Skip to main content

Rituximab versus azathioprine as therapy for maintenance of remission for anti-neutrophil cytoplasm antibody-associated vasculitis (RITAZAREM): study protocol for a randomized controlled trial



Rituximab is effective as therapy for induction of remission in anti-neutrophil cytoplasmic antibody (ANCA)-associated vasculitis (AAV). However, the effect of rituximab is not sustained, and subsequent relapse rates are high, especially in patients with a history of relapse. There is a need to identify whether maintenance therapy with rituximab is superior to the current standard of azathioprine or methotrexate for prevention of relapse following induction with rituximab.


RITAZAREM is an international, multicenter, open-label, randomized controlled trial designed to demonstrate the superiority of repeated doses of intravenous rituximab compared to daily orally administered azathioprine as a relapse prevention strategy in patients with AAV with relapsing disease who undergo induction of remission with rituximab. Patients with AAV will be recruited at the time of relapse and will receive rituximab and glucocorticoid induction therapy. If the disease is controlled by 4 months, patients will be randomized in a 1:1 ratio to receive rituximab (1000 mg every 4 months for five doses) or azathioprine (2 mg/kg/day) as maintenance therapy. Patients will be followed for a minimum of 36 months. The primary outcome is the time to disease relapse. It is estimated that 190 patients will need to be recruited to ensure that at least 160 are randomized.


The RITAZAREM trial will provide the largest trial dataset for the use of rituximab as remission-induction therapy for patients with AAV comparing two remission-maintenance strategies following induction with rituximab, and explore whether prolonged B-cell depletion leads to sustained treatment-free remissions after discontinuation of immunosuppressive therapy.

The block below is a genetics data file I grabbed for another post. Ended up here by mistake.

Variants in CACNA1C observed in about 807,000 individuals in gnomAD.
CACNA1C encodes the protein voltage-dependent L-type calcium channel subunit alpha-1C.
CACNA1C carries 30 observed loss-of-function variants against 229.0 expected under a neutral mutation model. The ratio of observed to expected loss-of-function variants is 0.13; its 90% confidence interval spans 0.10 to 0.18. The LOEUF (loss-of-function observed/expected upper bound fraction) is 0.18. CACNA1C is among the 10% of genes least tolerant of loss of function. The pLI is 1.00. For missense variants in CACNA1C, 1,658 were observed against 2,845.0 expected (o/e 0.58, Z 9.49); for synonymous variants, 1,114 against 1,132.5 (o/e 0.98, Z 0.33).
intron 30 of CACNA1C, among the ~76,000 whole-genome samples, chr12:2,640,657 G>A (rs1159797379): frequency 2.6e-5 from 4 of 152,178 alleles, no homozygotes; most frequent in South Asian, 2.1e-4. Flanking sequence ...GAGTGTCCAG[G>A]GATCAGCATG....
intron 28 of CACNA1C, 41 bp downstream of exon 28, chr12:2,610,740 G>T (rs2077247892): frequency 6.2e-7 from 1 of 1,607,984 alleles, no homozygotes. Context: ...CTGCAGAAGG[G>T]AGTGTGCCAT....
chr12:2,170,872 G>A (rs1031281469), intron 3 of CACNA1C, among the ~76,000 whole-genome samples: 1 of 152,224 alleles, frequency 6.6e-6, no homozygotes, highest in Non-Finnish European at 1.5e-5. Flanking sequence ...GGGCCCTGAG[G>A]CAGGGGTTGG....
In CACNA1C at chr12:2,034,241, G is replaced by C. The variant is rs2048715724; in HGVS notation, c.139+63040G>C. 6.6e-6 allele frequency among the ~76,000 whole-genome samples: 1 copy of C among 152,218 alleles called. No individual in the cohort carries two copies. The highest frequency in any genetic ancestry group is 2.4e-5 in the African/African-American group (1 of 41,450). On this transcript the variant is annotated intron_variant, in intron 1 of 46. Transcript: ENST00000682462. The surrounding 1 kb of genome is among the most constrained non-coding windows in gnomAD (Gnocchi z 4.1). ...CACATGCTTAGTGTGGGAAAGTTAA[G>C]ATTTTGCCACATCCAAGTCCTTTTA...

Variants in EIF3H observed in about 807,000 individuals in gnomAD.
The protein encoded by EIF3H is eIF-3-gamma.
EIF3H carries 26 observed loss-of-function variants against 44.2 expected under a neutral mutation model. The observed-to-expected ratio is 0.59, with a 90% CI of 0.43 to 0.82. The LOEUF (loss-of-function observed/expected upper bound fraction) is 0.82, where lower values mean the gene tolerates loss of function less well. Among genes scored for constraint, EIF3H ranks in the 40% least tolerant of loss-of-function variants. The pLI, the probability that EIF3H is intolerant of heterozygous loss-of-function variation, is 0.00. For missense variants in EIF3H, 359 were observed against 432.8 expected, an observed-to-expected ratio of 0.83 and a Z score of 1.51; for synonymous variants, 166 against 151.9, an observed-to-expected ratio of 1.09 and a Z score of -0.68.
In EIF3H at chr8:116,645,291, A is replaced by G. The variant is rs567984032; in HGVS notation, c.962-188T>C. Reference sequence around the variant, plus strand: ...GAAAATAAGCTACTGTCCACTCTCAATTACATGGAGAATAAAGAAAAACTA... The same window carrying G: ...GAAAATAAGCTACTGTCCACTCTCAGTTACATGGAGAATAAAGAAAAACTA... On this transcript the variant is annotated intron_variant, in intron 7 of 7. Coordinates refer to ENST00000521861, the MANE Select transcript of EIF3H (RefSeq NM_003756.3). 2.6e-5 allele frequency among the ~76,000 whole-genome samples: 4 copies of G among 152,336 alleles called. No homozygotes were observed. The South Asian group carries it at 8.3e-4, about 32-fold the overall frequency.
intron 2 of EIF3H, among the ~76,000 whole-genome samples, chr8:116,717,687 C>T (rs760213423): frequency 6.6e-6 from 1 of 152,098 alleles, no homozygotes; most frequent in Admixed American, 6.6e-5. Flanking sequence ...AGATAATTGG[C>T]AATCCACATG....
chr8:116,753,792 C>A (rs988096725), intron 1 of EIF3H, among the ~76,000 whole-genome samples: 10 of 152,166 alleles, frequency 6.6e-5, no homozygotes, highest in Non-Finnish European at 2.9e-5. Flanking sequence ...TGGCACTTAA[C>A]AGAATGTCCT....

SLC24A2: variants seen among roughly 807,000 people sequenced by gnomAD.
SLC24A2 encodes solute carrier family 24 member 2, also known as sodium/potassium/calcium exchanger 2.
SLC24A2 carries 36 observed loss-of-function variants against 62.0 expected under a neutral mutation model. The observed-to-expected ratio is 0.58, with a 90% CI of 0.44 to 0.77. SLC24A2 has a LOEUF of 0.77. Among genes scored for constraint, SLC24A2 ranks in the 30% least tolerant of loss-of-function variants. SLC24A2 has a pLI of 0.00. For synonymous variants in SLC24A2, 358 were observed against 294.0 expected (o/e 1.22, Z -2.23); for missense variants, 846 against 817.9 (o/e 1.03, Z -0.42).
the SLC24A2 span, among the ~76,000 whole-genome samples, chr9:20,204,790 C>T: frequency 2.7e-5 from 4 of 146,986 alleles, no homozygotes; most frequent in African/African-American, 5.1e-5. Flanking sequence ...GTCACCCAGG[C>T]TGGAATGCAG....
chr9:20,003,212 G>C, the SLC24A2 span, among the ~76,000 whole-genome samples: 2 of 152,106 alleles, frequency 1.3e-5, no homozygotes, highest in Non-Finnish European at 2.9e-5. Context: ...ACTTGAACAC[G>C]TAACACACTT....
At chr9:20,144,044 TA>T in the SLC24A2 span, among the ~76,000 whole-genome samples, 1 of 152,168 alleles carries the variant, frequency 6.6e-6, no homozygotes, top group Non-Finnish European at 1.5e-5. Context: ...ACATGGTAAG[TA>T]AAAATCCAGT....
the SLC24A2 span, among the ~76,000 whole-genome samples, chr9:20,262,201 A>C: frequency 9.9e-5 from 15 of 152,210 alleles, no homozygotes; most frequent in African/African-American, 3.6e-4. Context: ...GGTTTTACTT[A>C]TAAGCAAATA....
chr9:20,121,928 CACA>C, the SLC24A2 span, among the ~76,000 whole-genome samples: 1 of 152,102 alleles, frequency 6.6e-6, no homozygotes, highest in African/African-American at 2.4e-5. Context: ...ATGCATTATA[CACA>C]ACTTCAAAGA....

Trial registration identifier: NCT01697267. Registered on 31 August 2012.

Peer Review reports


Granulomatosis with polyangiitis (granulomatous with polyangiitis (GPA), Wegener’s granulomatosis) and microscopic polyangiitis (MPA) are two major subgroups of anti-neutrophil cytoplasmic antibody (ANCA)-associated vasculitis (AAV). These conditions are characterized by leukocyte infiltration of blood vessel walls, fibrinoid necrosis, and vascular damage, and are usually associated with the presence of circulating ANCA. In Europe, AAV has an annual incidence of 19 per million and a prevalence of 100–250/million [1].

Prior to the availability of effective treatment, AAV had a mortality of 93% within 2 years, primarily due to renal and respiratory failure [2]. The introduction of glucocorticoids (GC) and cyclophosphamide, now considered conventional immunosuppression for this disease, has markedly improved survival, inducing remission in approximately 80% of patients at 1 year. However, relapsing disease is common with over 50% of patients experiencing a relapse within 5 years [35].

Relapses of AAV lead to accrual of damage, both as a result of disease activity and increased exposure to immunosuppressive medications with their associated toxicities, especially GC, and at least 25% suffer severe early or late toxicity from these agents [6]. Strategies that prevent relapse will reduce consequent morbidity by reducing organ damage and cumulative drug toxicity. There is a need for safer therapies that lead to sustained, and ideally, drug-free remission in patients with relapsing disease in AAV.

B-lymphocytes have been implicated in the pathogenesis of AAV. Rituximab is a murine/human chimeric monoclonal antibody directed against the CD20 antigen found on the surface of B-lymphocytes, and results in B-cell depletion. Rituximab has been shown to be noninferior to cyclophosphamide as an induction agent, and it is now licensed for remission induction therapy in AAV [7, 8].

However, only 39% of the patients maintained relapse-free remission at 18 months following a single course of rituximab in the RAVE trial, indicating that induction with rituximab without maintenance therapy is unlikely to prevent future relapses in the majority of patients [9]. Retrospective analysis of fixed-interval, repeat-dose therapy with rituximab indicated efficacy of maintenance therapy with rituximab in this subgroup, but a persisting risk of relapse in longer-term follow-up after rituximab discontinuation [1012].

Rationale for the RITAZAREM trial